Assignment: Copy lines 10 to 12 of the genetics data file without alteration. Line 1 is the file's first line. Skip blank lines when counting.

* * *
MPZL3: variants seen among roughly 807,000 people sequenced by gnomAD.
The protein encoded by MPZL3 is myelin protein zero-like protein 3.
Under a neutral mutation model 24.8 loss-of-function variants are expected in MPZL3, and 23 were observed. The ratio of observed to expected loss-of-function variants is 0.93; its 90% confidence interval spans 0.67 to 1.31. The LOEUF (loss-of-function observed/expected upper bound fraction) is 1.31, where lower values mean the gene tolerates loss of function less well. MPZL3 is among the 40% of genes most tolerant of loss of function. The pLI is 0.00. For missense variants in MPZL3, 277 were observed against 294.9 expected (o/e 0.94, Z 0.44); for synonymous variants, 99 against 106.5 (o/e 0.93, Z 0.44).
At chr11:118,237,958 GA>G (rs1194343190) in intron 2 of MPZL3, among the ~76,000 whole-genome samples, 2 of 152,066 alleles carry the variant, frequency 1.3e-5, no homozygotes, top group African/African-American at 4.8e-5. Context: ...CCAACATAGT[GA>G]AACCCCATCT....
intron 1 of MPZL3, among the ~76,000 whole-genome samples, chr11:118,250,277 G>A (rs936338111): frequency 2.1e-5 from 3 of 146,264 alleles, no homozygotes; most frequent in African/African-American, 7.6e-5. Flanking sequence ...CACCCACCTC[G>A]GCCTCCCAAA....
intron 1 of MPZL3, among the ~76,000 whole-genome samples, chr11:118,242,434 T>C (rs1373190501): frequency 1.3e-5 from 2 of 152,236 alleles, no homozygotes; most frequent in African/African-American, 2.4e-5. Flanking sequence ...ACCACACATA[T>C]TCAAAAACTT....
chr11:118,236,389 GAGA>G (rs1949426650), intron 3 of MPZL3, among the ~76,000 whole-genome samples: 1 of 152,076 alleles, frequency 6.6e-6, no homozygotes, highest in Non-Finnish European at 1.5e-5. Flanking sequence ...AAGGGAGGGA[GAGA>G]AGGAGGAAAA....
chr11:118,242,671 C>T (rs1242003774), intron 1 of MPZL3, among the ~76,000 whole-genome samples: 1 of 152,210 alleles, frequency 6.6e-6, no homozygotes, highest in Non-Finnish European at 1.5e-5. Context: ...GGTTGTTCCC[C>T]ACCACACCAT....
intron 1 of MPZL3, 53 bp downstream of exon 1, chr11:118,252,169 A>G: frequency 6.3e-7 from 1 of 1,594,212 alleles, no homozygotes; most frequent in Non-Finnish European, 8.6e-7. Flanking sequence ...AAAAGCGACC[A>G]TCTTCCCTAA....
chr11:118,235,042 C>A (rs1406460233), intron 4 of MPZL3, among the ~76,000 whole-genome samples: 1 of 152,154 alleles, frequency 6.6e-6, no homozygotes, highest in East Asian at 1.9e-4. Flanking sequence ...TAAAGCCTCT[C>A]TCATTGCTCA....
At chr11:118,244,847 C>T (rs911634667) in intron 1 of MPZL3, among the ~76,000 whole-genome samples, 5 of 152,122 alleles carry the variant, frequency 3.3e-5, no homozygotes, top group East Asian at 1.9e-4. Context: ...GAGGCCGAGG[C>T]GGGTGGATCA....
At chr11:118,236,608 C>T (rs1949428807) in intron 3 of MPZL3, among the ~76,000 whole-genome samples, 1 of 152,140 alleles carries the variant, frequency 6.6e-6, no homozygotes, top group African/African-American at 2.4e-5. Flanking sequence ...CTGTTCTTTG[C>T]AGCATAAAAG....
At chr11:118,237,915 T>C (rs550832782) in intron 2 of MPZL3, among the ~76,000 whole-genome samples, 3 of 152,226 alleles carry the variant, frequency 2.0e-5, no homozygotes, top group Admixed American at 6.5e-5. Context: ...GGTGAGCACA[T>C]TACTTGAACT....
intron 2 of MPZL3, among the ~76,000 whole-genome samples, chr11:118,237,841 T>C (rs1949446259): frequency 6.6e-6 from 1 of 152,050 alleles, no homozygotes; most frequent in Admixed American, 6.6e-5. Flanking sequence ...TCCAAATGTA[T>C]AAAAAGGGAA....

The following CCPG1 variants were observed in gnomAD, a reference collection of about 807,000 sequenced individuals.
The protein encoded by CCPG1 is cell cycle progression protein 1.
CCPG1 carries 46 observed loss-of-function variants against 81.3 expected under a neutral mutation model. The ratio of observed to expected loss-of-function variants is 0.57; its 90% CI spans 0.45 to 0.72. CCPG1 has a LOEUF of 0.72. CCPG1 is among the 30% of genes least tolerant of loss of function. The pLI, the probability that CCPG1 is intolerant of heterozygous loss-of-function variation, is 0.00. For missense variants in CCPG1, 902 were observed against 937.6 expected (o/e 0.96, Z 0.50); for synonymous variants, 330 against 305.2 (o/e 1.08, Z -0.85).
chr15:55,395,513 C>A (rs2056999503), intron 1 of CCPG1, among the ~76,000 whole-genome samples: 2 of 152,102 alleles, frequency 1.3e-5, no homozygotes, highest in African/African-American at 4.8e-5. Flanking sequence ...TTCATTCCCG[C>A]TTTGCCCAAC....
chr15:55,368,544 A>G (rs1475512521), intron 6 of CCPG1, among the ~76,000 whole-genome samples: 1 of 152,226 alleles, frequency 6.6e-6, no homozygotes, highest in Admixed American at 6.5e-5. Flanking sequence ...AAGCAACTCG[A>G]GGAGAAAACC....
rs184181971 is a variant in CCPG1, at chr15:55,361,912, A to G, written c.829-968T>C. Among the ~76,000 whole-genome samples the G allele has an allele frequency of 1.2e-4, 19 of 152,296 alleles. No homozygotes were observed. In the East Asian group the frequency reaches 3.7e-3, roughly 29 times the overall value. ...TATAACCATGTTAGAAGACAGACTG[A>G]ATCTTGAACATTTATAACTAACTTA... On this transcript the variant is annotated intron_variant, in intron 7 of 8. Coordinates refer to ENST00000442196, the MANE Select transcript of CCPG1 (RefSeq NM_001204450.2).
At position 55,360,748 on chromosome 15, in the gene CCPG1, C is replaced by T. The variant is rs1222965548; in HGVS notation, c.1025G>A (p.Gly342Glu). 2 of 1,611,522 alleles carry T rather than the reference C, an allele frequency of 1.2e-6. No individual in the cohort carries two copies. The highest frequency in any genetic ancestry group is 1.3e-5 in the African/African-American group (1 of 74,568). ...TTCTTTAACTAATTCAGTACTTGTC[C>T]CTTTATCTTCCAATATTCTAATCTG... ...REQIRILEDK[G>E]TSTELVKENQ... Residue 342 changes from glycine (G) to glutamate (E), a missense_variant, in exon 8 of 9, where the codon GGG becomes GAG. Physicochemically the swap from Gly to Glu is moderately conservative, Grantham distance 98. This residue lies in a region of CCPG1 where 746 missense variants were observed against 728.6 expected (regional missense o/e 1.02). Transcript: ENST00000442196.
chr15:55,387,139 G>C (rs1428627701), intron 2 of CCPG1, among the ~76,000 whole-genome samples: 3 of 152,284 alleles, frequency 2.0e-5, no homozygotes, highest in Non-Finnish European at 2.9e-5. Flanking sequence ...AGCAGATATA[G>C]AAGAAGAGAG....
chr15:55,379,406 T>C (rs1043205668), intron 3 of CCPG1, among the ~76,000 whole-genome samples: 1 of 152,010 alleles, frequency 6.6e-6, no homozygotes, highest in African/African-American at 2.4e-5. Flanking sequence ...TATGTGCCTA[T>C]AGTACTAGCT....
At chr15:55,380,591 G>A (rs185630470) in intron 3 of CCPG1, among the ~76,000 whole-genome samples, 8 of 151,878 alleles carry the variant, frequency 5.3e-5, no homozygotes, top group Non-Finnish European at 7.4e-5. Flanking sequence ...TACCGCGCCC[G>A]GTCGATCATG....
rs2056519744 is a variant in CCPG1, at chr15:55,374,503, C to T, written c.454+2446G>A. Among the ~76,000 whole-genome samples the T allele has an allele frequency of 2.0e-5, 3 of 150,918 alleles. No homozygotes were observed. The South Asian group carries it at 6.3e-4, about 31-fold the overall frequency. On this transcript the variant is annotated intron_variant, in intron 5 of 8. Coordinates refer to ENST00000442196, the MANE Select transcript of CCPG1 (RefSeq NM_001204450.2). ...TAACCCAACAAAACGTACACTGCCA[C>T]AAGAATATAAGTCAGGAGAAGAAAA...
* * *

chr11:118,235,042 C>A (rs1406460233), intron 4 of MPZL3, among the ~76,000 whole-genome samples: 1 of 152,154 alleles, frequency 6.6e-6, no homozygotes, highest in East Asian at 1.9e-4. Flanking sequence ...TAAAGCCTCT[C>A]TCATTGCTCA....
At chr11:118,244,847 C>T (rs911634667) in intron 1 of MPZL3, among the ~76,000 whole-genome samples, 5 of 152,122 alleles carry the variant, frequency 3.3e-5, no homozygotes, top group East Asian at 1.9e-4. Context: ...GAGGCCGAGG[C>T]GGGTGGATCA....
At chr11:118,236,608 C>T (rs1949428807) in intron 3 of MPZL3, among the ~76,000 whole-genome samples, 1 of 152,140 alleles carries the variant, frequency 6.6e-6, no homozygotes, top group African/African-American at 2.4e-5. Flanking sequence ...CTGTTCTTTG[C>T]AGCATAAAAG....